follow the saline water intrusion, and to ensure high data
quality, the 25mx25m sounding loops were placed at 12.5m
intervals along the section. This enables a very accurate
characterization of the variations of resistivity from the sea
to the lagoon.
All these soundings were interpreted as one-dimensional
layered models using TEM-Researcher software (AEMR).
Interpretation is based on the inverse modeling approach: a north and 100m south of this rst section in order to check
hypothetical layered model (resistivity vs. depth) is generated for lateral variations of resistivity. These two sections have
and the corresponding theoretical response is calculated. The given the same results than the rst one, meaning resistivity
model is then rened using automated iterative processes until on Navalady site varies only from the sea to the lagoon, and
the calculated response matches the measured eld data. An not perpendicularly.
example of data and interpretation is shown Figure 3. These geophysical results were also conrmed by the use
Measured data (left panel on Figure 3) consists in the decay of three full screened piezometers implemented on the section
of the induced magnetic eld with time (dB/dt). The model (Pz A, Pz E and Pz G, Figure 4) and reaching a depth of 4
calculated to t this eld data (solid line in the left plot) is meters. An electrical conductivity (EC) log was made for
represented on the right plot as a distribution of resistivity each piezometer and the measurements were compared to the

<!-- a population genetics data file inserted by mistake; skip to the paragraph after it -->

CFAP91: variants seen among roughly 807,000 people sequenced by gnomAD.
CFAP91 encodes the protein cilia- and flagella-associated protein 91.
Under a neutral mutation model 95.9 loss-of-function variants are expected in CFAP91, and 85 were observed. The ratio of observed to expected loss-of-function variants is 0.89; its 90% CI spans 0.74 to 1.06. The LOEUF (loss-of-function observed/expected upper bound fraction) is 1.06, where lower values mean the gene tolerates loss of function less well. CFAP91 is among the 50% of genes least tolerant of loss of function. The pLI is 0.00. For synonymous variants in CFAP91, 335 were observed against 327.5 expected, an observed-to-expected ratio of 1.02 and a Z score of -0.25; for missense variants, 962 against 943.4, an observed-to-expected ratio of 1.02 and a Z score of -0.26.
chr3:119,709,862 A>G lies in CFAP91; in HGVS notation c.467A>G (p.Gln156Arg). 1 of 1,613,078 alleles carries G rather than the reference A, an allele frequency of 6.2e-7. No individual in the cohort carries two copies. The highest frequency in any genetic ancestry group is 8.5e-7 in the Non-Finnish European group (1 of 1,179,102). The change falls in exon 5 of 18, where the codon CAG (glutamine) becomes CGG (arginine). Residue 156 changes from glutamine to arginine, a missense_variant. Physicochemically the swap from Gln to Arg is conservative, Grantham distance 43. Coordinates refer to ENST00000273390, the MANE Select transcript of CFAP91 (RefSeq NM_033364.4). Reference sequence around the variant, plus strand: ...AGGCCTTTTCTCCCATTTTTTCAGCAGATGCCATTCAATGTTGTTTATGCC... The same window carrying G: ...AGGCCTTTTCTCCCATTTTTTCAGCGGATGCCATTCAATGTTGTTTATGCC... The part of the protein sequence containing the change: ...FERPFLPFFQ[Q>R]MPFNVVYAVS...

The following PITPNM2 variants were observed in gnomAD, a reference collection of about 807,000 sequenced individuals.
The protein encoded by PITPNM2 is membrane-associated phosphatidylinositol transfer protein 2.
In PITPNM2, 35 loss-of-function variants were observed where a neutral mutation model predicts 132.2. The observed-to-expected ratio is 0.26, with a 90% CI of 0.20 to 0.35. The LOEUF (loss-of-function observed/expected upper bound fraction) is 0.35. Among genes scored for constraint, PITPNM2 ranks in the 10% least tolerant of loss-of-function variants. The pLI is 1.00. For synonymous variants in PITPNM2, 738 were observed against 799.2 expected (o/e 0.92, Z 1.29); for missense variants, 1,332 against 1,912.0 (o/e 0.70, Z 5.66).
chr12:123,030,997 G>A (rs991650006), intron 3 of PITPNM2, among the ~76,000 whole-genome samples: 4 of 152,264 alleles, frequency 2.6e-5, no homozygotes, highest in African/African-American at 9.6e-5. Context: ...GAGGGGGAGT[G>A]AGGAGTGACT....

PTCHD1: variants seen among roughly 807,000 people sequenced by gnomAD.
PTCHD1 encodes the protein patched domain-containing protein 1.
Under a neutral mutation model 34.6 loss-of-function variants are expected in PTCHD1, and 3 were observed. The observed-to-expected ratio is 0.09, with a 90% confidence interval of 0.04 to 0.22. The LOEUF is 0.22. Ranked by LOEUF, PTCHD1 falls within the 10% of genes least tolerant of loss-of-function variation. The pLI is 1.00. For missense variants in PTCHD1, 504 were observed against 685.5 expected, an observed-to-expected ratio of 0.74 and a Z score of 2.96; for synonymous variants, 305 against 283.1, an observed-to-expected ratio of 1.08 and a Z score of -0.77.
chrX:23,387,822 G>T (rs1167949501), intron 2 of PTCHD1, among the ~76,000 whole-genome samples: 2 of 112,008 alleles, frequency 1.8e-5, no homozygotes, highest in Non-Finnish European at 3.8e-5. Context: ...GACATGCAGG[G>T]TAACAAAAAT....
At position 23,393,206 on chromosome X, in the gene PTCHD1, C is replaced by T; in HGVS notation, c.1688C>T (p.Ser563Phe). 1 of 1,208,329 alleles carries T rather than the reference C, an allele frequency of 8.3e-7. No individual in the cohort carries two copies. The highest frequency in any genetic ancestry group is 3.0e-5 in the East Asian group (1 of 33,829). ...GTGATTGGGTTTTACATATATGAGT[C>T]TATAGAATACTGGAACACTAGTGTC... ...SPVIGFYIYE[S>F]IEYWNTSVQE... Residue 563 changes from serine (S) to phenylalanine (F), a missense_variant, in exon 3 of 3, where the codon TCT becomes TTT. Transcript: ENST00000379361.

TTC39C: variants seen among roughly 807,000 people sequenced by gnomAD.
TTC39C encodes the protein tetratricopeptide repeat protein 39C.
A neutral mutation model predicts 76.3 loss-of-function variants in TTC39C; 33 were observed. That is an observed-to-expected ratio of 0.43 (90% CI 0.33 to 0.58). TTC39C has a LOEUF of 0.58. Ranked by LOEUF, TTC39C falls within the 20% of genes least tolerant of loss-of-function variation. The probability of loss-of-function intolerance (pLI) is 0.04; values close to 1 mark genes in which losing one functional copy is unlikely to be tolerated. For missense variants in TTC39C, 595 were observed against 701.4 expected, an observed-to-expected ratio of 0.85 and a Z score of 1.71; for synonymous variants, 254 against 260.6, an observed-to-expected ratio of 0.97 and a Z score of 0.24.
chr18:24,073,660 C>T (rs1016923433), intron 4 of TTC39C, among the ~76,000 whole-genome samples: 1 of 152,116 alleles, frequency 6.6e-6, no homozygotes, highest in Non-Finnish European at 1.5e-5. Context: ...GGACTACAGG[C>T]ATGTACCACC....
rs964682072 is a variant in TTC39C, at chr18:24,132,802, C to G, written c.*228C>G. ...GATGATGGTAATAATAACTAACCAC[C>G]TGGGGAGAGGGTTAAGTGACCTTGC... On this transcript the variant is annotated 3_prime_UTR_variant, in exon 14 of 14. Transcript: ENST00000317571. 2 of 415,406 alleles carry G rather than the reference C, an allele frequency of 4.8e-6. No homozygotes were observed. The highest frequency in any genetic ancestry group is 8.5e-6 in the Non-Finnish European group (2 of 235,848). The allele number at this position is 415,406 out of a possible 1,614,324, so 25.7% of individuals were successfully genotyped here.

with depth. The interpretation consists of wet sand from the geophysical results. The comparison is given in Table 1.
surface to 2m deep, then a very low resistive layer identi- These results reveal the good match between geophysi-
ed as sand with sea water for 12m thick, and the resistive cal interpretation and water EC data. TEM methods are
bedrock at 17m deep. then well adapted for fresh and saline water delineating in
The thirty six soundings were interpreted and combined coastal areas. This makes TEM a good tool for freshwater
to construct a two dimensional cross-section of subsurface well positioning in such areas.
resistivity (Figure 4). This section reveals a very low resistive
layer (less than 1 .m, in black) corresponding to the saline Outlooks
water intrusion. Above this intrusion stand the freshwater TEM soundings on coastal sites of Sri Lanka have enabled
lens (light grey) and a brackish water lens (darker grey). to localize easily and rapidly the saline water intrusion and
Below stands the resistive bedrock (light colors). the exploitable freshwater lens. Obtaining this information
Two parallel resistivity sections were then realized 100m usually implies to drill piezometers or to use heavier methods
like DC. In this case, it took less than one day to investigate
Navalady site.
The next step of this study is the drilling of three full
screened deep piezometers (around 20m) in Navalady, close
to piezometers A, E and G. This will enable to compare